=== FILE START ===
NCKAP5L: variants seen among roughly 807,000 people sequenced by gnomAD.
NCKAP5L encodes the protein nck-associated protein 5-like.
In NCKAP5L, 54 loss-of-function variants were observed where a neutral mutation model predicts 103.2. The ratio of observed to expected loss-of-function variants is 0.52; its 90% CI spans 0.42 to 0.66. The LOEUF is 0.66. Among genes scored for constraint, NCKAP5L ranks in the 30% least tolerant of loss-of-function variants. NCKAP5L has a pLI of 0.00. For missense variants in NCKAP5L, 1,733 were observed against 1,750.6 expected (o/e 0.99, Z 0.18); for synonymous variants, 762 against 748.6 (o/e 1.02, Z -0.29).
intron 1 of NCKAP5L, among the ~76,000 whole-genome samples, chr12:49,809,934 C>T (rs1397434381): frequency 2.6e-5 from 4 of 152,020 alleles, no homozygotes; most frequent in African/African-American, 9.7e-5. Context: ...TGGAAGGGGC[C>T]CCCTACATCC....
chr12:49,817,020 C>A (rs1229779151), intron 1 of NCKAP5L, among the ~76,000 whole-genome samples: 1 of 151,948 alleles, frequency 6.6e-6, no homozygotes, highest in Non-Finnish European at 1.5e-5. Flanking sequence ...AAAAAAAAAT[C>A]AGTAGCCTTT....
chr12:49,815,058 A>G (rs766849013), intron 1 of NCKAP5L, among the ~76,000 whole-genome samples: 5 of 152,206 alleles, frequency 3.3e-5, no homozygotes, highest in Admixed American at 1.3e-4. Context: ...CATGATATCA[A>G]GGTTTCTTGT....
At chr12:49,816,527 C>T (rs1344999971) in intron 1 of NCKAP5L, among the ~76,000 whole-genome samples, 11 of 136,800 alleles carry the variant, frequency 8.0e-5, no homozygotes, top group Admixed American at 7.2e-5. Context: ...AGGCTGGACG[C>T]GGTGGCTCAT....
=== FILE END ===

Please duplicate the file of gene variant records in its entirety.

NCKAP5L: variants seen among roughly 807,000 people sequenced by gnomAD.
NCKAP5L encodes the protein nck-associated protein 5-like.
In NCKAP5L, 54 loss-of-function variants were observed where a neutral mutation model predicts 103.2. The ratio of observed to expected loss-of-function variants is 0.52; its 90% CI spans 0.42 to 0.66. The LOEUF is 0.66. Among genes scored for constraint, NCKAP5L ranks in the 30% least tolerant of loss-of-function variants. NCKAP5L has a pLI of 0.00. For missense variants in NCKAP5L, 1,733 were observed against 1,750.6 expected (o/e 0.99, Z 0.18); for synonymous variants, 762 against 748.6 (o/e 1.02, Z -0.29).
intron 1 of NCKAP5L, among the ~76,000 whole-genome samples, chr12:49,809,934 C>T (rs1397434381): frequency 2.6e-5 from 4 of 152,020 alleles, no homozygotes; most frequent in African/African-American, 9.7e-5. Context: ...TGGAAGGGGC[C>T]CCCTACATCC....
chr12:49,817,020 C>A (rs1229779151), intron 1 of NCKAP5L, among the ~76,000 whole-genome samples: 1 of 151,948 alleles, frequency 6.6e-6, no homozygotes, highest in Non-Finnish European at 1.5e-5. Flanking sequence ...AAAAAAAAAT[C>A]AGTAGCCTTT....
chr12:49,815,058 A>G (rs766849013), intron 1 of NCKAP5L, among the ~76,000 whole-genome samples: 5 of 152,206 alleles, frequency 3.3e-5, no homozygotes, highest in Admixed American at 1.3e-4. Context: ...CATGATATCA[A>G]GGTTTCTTGT....
At chr12:49,816,527 C>T (rs1344999971) in intron 1 of NCKAP5L, among the ~76,000 whole-genome samples, 11 of 136,800 alleles carry the variant, frequency 8.0e-5, no homozygotes, top group Admixed American at 7.2e-5. Context: ...AGGCTGGACG[C>T]GGTGGCTCAT....